Is Public Education in New Orleans Being Rebuilt? by Ruthie Dreyer

Day 5, NOLA
To say the public education system in New Orleans is being rebuilt is mis- leading. The public education system in New Orleans is being dismantled. Pre-Katrina existed a centralized public school system that was run by the Orleans Parish School Board (OPSB). Katrina was the catalyst for the beginning of the privatization of public education. Hurricane Katrina wiped out the previous system of public education and the State of Louisiana employed the Recovery School District to begin the take-over of public schools. This new experiment, the charter school movement, is an ugly, double-sided coin. Instead of being controlled by the OPSB and schools running on only state-given money, charter schools run under individual charter school boards that in addition to receiving public money get private money from private investors.

The pro-charter argument is that charter schools can offer autonomy for schools, choice for parents and then the most alluring benefit: better resources and space. I was shocked at the abundance of promethium boards and computers and the luxuriousness of some of the spaces we saw like the Medard Nelson School, New Orleans Center for Creative Arts, and Benjamin Franklin. Of course, books are a critical part of learning and children deserve to learn in pleasant environment with functioning bathrooms and plentiful libraries. But the resources were but a symptom of the larger sickness of the school system. The lack of resources in the previous pubic school system was a symptom of racism and neglect. Unfortunately racism and neglect still exist but our schools are looking much better three-dimensionally.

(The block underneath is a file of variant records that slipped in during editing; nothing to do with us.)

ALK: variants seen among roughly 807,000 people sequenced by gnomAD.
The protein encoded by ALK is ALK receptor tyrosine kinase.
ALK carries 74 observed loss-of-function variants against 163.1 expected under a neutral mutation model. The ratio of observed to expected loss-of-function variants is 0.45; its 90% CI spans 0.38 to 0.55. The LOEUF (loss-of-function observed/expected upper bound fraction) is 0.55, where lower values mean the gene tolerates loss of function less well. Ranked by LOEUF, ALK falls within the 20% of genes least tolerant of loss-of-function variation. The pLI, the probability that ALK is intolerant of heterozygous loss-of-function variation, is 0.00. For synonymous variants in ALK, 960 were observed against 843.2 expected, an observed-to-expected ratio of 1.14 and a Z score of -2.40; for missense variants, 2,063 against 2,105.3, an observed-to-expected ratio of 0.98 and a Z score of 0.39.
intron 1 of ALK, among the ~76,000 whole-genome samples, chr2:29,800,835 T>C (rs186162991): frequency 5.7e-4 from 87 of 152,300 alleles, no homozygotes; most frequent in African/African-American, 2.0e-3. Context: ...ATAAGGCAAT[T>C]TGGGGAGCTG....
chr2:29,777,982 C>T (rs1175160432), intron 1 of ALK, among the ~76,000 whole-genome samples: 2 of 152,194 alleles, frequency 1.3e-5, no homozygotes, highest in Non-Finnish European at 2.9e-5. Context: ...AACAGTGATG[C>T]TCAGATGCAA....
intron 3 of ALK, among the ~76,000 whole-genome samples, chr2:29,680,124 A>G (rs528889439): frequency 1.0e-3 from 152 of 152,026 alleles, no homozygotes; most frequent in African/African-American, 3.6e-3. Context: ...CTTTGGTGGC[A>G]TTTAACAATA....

The most disturbing part of the privati- zation of the public school system is that the only two people who are actually in classrooms, teachers and students, have had absolutely no agency in this charter school movement. There are many engaging, intelligent, optimistic conversations happening about the future of public schools but none of them have included the people who actually give and receive education. The people are running schools and making decisions have little understanding about the practice of learning. It will be interesting to see how the theory of no-excuses, data-driven education fares in practice and if this five year experiment will result in whole citizens or very confused, neglected children.

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